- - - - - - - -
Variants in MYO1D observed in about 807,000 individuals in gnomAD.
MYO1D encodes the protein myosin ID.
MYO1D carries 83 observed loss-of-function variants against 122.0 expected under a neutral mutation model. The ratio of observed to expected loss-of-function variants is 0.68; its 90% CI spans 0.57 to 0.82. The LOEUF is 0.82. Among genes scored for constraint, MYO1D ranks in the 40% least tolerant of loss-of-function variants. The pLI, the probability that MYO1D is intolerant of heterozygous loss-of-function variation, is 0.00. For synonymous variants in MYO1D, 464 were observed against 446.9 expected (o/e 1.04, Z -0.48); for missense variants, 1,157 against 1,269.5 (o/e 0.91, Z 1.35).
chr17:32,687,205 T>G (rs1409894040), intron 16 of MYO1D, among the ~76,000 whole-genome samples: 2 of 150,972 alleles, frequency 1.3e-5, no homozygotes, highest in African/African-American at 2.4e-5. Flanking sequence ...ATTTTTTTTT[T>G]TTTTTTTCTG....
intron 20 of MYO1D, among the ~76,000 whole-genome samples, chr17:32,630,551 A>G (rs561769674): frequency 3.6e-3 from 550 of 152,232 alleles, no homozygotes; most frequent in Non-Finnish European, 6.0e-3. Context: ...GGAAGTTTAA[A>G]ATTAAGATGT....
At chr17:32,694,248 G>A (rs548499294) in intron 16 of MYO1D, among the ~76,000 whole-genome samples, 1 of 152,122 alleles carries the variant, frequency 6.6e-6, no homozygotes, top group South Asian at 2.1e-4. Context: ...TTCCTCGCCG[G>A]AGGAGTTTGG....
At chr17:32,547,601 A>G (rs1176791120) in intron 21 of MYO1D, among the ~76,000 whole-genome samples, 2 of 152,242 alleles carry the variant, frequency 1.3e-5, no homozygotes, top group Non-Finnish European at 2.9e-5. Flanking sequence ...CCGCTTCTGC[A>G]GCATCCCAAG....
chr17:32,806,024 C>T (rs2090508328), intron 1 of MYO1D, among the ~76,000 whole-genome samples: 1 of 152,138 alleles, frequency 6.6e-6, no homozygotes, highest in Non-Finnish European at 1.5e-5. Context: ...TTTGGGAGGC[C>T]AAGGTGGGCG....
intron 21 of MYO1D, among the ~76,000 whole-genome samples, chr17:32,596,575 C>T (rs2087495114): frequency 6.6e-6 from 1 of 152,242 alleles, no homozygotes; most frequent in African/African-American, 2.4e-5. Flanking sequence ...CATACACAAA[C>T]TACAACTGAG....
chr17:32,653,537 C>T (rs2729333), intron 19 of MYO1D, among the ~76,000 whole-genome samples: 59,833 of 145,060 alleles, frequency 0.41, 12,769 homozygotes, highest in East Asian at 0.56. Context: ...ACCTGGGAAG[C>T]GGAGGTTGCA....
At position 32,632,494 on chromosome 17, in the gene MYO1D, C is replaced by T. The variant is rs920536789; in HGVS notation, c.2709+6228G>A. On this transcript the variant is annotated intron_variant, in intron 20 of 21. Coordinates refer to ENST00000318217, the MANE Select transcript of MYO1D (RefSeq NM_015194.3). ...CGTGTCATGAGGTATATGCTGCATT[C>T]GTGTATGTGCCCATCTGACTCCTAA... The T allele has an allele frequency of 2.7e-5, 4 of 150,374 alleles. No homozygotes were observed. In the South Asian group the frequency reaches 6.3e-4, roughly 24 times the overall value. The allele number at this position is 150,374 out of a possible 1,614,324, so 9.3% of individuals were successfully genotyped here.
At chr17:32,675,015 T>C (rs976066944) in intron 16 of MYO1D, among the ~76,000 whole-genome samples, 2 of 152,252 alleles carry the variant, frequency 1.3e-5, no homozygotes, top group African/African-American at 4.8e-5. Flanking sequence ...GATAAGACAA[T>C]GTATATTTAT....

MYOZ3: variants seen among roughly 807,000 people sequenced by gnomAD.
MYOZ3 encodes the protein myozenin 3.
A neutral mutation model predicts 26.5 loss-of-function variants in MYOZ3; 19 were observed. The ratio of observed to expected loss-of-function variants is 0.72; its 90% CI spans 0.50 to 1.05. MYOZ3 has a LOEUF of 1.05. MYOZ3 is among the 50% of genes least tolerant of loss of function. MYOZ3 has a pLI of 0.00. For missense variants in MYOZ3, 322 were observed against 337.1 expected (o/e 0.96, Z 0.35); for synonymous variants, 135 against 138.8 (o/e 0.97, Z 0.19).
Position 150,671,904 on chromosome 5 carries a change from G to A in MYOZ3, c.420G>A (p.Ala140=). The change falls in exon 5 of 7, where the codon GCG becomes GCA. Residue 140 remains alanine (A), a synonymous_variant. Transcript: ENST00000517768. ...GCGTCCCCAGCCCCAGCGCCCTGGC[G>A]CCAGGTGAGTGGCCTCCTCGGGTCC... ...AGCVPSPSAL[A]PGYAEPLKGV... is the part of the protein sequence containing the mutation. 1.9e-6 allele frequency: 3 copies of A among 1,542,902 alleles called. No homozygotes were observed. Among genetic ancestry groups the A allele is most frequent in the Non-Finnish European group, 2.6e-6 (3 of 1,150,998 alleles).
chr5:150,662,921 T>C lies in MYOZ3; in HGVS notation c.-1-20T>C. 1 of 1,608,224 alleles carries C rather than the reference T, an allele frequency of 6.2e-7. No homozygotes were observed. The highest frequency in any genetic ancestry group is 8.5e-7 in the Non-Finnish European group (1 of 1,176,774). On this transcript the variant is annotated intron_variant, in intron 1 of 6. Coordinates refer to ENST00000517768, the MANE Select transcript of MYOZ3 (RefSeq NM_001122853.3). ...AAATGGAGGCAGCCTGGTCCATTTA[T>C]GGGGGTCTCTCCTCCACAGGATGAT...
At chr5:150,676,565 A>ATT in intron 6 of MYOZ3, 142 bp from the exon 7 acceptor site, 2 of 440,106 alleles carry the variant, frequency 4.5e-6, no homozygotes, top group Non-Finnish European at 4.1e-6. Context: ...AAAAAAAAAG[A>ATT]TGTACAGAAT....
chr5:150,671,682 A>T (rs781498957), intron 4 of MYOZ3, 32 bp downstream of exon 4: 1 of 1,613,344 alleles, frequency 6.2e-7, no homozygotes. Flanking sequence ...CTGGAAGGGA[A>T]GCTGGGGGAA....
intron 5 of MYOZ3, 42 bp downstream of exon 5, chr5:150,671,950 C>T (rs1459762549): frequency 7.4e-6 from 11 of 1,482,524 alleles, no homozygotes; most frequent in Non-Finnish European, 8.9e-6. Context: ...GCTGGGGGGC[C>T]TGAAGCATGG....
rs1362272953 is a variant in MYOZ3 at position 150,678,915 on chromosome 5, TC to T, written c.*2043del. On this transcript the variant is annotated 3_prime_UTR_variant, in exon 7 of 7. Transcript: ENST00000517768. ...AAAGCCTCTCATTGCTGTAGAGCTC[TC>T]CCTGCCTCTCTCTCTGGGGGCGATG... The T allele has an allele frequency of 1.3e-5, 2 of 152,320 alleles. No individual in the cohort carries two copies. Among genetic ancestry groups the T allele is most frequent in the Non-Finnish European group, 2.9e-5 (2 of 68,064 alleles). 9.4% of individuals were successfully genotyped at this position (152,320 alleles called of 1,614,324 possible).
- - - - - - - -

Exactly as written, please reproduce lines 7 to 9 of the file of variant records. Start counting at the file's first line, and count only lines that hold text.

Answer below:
At chr17:32,547,601 A>G (rs1176791120) in intron 21 of MYO1D, among the ~76,000 whole-genome samples, 2 of 152,242 alleles carry the variant, frequency 1.3e-5, no homozygotes, top group Non-Finnish European at 2.9e-5. Flanking sequence ...CCGCTTCTGC[A>G]GCATCCCAAG....
chr17:32,806,024 C>T (rs2090508328), intron 1 of MYO1D, among the ~76,000 whole-genome samples: 1 of 152,138 alleles, frequency 6.6e-6, no homozygotes, highest in Non-Finnish European at 1.5e-5. Context: ...TTTGGGAGGC[C>T]AAGGTGGGCG....
intron 21 of MYO1D, among the ~76,000 whole-genome samples, chr17:32,596,575 C>T (rs2087495114): frequency 6.6e-6 from 1 of 152,242 alleles, no homozygotes; most frequent in African/African-American, 2.4e-5. Flanking sequence ...CATACACAAA[C>T]TACAACTGAG....